How many of these mistakes do you have on your federal resume? Are you getting Best Qualified and Referred? If not, review this checklist by a Federal Resume guru and determine which of the 18 common mistakes should be fixed or changed with your federal resume.
A newly separated or retired military person must have a good resume to begin their next career. More than half of the military would like to land a federal position where they can continue their DOD skills and abilities, or where they can continue in public service.
Even if a veteran has 5 or 10 points due to a disability, it is important the resume get you Qualified, if you are to take advantage of veterans’ preference programs.
The biggest problem is that a federal resume – the one-and-only application for a federal job – is not the same as a private industry resume. And the federal resume must be targeted toward a specific position in the government.
Here are 18 common problems that I see when I review resumes by military and former military who are seriously applying for federal jobs.
1. Resumes are not translated in terms of duties and responsibilities from military terminology into federal job duties. I literally have NO idea what they are doing in their job and how it can relate to any position in government.
2. Resumes still include acronyms and nouns that are strictly military and not transferable to public service and few HR specialists will understand.
3. Resumes are written based on the fitness evaluations. They are basically copied and pasted into the resume with no context or description. The sentences are choppy, incomplete and do not tell a whole story.
4. Resumes are too short. There is simply not enough content to get Best Qualified.
5. The dates in the resume are not specific for each duty station. Either the resume is “one beginning and ending date” for the entire military career, or there are too many dates and locations for the military career. If it is critical that the HR specialist see the months and years of your most recent assignments, so they can see if you have One Year Specialized Experience in the field of work of your target announcement.
6.The military person uses an overseas address, even when they are coming back to the US in a month or so. Hr needs to see where you live in the US.
7. The basic competencies that are developed in the military are not featured in the resume. The HR specialist will not be able to see that the military person is skilled as a Team Leader, has excellent communications or Interpersonal skills, problem-solving skills or is flexible.
8.Accomplishments with a few details are usually not added into the resume and if they are in the resume, they are combined with the basic duties and therefore, the accomplishment is hard to find and read. Each resume must have 2 to 5 accomplishments to stand out, get referred or offered an interview.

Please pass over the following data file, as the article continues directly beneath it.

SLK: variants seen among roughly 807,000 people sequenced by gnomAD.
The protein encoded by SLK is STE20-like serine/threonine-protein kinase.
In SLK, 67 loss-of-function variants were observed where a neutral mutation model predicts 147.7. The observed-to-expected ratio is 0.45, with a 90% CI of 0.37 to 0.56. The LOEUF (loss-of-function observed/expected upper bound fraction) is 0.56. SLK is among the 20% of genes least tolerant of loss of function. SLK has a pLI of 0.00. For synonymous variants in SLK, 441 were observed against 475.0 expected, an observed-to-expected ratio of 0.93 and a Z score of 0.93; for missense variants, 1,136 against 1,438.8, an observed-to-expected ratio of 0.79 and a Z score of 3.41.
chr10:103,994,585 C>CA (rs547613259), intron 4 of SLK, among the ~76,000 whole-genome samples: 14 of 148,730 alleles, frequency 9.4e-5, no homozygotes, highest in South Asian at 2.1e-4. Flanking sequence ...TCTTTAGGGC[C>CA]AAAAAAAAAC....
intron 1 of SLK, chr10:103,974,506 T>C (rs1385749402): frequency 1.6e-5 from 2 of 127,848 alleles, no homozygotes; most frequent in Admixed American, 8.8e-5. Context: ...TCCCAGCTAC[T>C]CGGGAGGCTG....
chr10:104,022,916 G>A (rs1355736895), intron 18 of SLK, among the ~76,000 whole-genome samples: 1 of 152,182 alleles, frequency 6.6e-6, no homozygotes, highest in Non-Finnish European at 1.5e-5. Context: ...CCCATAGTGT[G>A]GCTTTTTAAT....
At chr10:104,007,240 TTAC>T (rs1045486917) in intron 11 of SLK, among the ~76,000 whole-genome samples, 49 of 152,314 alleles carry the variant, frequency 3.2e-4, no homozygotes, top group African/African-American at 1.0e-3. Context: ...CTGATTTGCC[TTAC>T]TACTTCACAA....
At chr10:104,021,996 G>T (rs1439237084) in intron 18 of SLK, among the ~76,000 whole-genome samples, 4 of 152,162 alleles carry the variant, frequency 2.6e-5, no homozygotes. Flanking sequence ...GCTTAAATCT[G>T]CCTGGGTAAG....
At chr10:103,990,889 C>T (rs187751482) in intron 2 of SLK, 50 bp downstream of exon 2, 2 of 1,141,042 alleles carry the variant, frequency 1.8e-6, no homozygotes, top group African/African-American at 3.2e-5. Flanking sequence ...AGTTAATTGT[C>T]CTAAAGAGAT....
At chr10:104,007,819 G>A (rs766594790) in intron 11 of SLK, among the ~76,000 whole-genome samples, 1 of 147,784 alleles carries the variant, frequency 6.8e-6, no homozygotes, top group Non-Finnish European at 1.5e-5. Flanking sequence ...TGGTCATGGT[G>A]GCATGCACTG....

9. Keywords from the vacancy announcement are not used in the new resume. Keywords are words that are repeated in the announcement and represent critical skills needed for high performance on the job.
10. Little or no attention is paid to the fact that the announcement must include the One Year of Specialized Experience in the resume. Read the Qualifications section and feature that experience in your resume.
11. Little or no attention is paid to the Knowledge, Skills and Abilities required in the announcement and should be covered in the resume. KSAs are critical to get Best Qualified and Referred.
12. Training maybe included in the resume, but it doesn’t include the number of hours for the course, the year completed, the full title of the training. Sometimes certain hours of training or certification is mandatory.
13. Awards and recognitions may or may not be in the resume. These are impressive and can hep with getting Referred.
14. The resume is not written against the OPM Qualification Standards. There is almost NO resemblance to a specific occupational series. If the resume does not match an OPM Standard, you will probably not get Best Qualified.
15. Most resumes are impossible to read because they are a long list of bullet statements or a huge block of type that no busy HR specialist will possibly read. The bullet resume format is difficult to read.
16. Most resumes do not match the Questionnaire at all. The Questionnaire is a TEST, and your resume must verify your answers.
17. Many resumes include all jobs, which may not be relevant, may be short, or repetitive in the chronology. The chronology can be too simplified or too complex. HR specialists want to read the last 5 or 10 years. The rest of the information can be summarized.
18. Many resumes are uploaded into the USAJOBs application and therefore are missing important information, such as months and year; hours per week; supervisor names and phones; training and other important information for HR to review. I recommend the resume builder, over the upload feature.
In summary, a compliant federal resume that is targeted toward an announcement is critical to get Qualified, Best Qualified Referred, Interviewed and Hired.
To see veteran federal resumes that follow the rules and give examples of the best formats for USAJOBS, please look at the samples in this website and the Military to Federal Career Guide, 2nd Edition.